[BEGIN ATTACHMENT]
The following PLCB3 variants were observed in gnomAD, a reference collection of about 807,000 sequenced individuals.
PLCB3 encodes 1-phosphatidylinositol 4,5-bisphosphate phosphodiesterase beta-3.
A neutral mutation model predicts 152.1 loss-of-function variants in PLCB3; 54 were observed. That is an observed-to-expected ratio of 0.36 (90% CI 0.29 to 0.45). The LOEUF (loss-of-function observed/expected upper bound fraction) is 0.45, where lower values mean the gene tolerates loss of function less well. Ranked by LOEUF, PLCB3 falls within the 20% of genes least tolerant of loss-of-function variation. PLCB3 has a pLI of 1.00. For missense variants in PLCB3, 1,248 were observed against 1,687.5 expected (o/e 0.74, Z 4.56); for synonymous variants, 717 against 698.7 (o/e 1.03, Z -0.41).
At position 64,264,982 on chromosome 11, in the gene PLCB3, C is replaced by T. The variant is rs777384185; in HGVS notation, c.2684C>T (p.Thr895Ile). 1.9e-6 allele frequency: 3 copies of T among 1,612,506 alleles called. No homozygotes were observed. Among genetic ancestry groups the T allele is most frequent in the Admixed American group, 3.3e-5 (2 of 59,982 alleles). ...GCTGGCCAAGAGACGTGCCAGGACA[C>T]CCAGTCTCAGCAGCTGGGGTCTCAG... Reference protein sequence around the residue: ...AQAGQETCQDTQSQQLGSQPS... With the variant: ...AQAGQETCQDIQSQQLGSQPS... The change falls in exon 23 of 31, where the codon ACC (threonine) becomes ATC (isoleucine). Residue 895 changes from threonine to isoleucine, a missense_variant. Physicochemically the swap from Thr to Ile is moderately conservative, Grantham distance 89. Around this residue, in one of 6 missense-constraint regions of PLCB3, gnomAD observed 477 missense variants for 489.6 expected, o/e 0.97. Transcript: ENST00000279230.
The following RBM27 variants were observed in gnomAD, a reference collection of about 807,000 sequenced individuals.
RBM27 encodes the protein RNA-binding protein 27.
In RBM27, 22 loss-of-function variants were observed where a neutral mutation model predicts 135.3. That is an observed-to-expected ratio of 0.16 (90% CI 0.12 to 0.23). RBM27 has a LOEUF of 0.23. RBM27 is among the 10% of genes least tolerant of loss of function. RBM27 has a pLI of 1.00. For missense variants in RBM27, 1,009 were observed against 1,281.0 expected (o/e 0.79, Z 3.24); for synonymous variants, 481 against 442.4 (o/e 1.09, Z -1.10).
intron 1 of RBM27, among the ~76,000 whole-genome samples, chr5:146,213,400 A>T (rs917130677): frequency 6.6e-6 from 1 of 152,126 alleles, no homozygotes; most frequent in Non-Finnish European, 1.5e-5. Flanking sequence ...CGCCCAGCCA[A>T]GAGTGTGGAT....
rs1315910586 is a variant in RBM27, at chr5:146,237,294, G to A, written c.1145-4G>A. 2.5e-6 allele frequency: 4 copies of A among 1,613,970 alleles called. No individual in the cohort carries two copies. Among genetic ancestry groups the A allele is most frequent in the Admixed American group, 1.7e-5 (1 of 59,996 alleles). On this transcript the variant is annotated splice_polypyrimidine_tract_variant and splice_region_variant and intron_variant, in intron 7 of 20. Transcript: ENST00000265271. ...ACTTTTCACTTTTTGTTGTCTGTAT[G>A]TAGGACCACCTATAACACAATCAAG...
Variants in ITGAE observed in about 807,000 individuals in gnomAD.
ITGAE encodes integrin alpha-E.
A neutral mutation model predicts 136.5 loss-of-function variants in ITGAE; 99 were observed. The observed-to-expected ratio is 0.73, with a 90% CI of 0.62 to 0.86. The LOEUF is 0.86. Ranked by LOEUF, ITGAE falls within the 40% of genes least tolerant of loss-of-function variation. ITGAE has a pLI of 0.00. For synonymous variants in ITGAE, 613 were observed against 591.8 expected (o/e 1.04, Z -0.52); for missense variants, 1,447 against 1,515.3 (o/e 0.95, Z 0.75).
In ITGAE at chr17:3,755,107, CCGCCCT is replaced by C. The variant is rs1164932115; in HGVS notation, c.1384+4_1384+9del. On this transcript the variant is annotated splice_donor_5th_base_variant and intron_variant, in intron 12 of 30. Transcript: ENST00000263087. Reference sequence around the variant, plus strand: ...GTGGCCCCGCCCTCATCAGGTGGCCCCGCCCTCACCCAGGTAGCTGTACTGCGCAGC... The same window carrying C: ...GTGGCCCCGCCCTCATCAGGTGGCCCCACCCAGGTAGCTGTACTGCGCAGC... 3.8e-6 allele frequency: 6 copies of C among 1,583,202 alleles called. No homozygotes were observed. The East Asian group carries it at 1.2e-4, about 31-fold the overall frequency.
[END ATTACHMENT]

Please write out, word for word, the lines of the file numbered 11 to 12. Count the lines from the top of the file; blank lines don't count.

ITGAE encodes integrin alpha-E.
A neutral mutation model predicts 136.5 loss-of-function variants in ITGAE; 99 were observed. The observed-to-expected ratio is 0.73, with a 90% CI of 0.62 to 0.86. The LOEUF is 0.86. Ranked by LOEUF, ITGAE falls within the 40% of genes least tolerant of loss-of-function variation. ITGAE has a pLI of 0.00. For synonymous variants in ITGAE, 613 were observed against 591.8 expected (o/e 1.04, Z -0.52); for missense variants, 1,447 against 1,515.3 (o/e 0.95, Z 0.75).